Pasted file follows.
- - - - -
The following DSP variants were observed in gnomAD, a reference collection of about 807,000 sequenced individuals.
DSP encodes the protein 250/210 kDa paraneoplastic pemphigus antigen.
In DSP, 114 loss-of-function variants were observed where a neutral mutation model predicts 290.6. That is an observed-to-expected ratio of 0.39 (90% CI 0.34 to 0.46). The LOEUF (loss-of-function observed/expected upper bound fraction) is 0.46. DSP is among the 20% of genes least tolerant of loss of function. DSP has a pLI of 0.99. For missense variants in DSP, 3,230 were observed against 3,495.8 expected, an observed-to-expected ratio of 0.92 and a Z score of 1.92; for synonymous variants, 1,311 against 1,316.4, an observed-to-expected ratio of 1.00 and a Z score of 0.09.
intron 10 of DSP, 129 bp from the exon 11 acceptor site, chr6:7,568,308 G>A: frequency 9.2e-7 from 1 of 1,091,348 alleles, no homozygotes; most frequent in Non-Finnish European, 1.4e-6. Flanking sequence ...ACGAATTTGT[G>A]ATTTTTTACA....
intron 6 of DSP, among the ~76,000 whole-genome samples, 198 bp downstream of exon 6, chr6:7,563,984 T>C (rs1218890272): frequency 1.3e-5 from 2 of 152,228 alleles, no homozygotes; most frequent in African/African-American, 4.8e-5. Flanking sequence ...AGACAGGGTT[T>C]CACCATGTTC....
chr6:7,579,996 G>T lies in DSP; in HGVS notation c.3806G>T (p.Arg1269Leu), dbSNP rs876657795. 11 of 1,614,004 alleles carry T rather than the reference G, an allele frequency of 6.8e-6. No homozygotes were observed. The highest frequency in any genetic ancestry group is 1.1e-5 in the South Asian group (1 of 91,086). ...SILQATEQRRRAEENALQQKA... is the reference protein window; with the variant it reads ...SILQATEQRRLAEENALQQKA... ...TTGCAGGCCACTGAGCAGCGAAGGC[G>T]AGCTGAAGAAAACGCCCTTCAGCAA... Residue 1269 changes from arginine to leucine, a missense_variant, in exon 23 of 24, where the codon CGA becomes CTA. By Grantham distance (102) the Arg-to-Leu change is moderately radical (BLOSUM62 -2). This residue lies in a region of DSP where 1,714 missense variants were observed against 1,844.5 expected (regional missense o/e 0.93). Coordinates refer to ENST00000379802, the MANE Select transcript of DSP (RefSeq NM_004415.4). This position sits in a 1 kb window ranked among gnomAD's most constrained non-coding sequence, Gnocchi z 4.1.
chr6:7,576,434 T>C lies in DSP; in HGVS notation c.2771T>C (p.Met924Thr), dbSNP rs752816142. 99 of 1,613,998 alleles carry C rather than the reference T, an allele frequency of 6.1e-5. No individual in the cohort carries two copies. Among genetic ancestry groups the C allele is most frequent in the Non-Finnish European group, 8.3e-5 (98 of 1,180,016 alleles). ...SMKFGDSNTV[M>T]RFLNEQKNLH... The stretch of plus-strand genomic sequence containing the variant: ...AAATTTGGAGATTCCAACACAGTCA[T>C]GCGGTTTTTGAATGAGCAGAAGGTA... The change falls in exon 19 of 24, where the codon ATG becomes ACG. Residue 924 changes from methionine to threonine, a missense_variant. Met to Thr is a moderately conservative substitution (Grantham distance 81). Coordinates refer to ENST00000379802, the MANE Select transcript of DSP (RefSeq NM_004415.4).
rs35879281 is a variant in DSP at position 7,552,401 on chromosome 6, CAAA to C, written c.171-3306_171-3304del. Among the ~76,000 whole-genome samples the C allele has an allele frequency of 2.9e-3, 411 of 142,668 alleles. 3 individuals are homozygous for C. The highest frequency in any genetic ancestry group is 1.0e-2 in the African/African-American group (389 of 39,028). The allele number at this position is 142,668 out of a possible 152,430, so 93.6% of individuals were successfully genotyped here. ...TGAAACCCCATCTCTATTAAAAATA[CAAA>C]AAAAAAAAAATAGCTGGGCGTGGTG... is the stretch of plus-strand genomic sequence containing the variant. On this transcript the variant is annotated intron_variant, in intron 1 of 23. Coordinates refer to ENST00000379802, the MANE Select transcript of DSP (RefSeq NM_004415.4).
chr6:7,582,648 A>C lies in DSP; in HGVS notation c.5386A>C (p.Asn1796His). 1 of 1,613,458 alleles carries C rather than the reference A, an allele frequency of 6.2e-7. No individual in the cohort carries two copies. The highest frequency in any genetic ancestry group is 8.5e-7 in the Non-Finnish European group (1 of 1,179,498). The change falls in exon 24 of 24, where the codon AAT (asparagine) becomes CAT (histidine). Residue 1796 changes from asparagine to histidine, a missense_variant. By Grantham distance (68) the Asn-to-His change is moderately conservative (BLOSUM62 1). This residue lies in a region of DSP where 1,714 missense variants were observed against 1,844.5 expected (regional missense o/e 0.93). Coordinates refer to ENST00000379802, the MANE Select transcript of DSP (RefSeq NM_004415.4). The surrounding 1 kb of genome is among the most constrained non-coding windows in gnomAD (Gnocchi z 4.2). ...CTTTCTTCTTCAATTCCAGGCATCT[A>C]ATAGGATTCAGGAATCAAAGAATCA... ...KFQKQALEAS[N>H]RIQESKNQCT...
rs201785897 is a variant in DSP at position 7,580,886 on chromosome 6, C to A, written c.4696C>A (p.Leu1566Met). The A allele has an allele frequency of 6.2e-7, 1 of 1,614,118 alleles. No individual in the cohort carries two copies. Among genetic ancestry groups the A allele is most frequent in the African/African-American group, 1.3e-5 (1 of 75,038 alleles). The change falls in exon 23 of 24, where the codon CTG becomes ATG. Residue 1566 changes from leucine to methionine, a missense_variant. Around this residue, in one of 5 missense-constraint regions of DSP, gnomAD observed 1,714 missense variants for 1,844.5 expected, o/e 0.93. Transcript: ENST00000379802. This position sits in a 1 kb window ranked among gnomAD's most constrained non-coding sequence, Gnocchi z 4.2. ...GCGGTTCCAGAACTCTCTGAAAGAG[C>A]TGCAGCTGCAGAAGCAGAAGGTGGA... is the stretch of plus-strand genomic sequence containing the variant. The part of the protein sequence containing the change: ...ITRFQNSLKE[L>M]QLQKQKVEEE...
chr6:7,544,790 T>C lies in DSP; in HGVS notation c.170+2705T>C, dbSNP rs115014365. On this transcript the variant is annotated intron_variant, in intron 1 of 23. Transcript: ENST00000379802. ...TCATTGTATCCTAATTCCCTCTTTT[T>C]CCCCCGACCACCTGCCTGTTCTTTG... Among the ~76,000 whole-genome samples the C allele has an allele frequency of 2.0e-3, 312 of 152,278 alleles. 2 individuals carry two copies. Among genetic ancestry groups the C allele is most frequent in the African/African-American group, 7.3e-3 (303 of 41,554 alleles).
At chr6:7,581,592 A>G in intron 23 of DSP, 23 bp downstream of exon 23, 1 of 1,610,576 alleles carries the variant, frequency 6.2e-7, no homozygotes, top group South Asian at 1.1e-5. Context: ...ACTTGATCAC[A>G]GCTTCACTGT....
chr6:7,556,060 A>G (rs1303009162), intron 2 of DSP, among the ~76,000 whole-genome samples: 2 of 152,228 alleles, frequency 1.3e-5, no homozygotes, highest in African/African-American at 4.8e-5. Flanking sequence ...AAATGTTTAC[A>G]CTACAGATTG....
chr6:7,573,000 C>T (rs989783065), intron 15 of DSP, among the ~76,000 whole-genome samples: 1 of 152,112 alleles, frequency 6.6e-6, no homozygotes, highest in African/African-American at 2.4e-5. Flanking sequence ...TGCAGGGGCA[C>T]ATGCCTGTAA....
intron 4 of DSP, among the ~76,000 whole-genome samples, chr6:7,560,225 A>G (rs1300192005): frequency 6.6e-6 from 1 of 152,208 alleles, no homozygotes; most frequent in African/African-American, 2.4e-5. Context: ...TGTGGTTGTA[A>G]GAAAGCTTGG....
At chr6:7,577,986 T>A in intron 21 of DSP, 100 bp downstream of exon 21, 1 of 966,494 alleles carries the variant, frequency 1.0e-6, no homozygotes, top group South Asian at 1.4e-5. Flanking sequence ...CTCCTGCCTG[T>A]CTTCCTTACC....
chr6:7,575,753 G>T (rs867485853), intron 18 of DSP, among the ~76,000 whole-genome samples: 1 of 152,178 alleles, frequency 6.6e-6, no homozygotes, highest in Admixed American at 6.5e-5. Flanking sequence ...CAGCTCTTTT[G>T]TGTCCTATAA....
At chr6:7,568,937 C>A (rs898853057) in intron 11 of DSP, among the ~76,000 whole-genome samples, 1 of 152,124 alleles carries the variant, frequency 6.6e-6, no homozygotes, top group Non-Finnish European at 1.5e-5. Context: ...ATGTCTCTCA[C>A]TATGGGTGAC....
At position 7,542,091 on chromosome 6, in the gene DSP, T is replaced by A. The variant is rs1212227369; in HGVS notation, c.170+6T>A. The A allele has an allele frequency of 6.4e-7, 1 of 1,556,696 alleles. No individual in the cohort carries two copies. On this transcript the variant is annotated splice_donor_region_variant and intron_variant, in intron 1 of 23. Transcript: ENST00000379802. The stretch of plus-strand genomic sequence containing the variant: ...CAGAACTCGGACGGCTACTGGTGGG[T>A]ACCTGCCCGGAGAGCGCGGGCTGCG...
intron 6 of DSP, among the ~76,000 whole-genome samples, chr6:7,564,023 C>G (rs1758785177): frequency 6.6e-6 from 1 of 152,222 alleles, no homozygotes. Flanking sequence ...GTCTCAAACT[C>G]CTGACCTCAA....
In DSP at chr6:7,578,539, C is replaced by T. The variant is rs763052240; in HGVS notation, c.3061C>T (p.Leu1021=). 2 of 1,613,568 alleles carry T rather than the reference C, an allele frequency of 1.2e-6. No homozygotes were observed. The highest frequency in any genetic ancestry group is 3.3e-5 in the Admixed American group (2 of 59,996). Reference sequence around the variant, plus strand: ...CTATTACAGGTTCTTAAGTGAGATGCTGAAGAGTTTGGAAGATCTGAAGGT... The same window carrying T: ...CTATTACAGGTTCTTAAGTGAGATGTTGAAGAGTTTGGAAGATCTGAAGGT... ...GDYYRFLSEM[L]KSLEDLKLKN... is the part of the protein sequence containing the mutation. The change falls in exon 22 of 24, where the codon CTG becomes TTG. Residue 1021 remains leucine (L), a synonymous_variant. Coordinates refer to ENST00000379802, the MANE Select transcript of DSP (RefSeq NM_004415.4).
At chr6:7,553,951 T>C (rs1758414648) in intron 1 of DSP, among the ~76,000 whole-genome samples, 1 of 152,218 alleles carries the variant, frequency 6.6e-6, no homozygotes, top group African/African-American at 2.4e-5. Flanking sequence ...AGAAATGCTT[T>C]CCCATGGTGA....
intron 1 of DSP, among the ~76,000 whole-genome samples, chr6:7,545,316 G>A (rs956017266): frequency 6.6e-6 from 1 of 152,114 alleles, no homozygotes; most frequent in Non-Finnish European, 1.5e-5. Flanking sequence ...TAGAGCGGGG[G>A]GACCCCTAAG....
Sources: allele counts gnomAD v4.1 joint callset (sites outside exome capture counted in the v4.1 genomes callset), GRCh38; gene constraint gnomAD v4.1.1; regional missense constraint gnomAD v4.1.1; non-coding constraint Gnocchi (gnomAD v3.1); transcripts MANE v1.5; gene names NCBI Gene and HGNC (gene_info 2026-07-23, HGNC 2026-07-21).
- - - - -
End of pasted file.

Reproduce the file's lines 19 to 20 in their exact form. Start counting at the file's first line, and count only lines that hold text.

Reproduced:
At position 7,542,091 on chromosome 6, in the gene DSP, T is replaced by A. The variant is rs1212227369; in HGVS notation, c.170+6T>A. The A allele has an allele frequency of 6.4e-7, 1 of 1,556,696 alleles. No individual in the cohort carries two copies. On this transcript the variant is annotated splice_donor_region_variant and intron_variant, in intron 1 of 23. Transcript: ENST00000379802. The stretch of plus-strand genomic sequence containing the variant: ...CAGAACTCGGACGGCTACTGGTGGG[T>A]ACCTGCCCGGAGAGCGCGGGCTGCG...
intron 6 of DSP, among the ~76,000 whole-genome samples, chr6:7,564,023 C>G (rs1758785177): frequency 6.6e-6 from 1 of 152,222 alleles, no homozygotes. Flanking sequence ...GTCTCAAACT[C>G]CTGACCTCAA....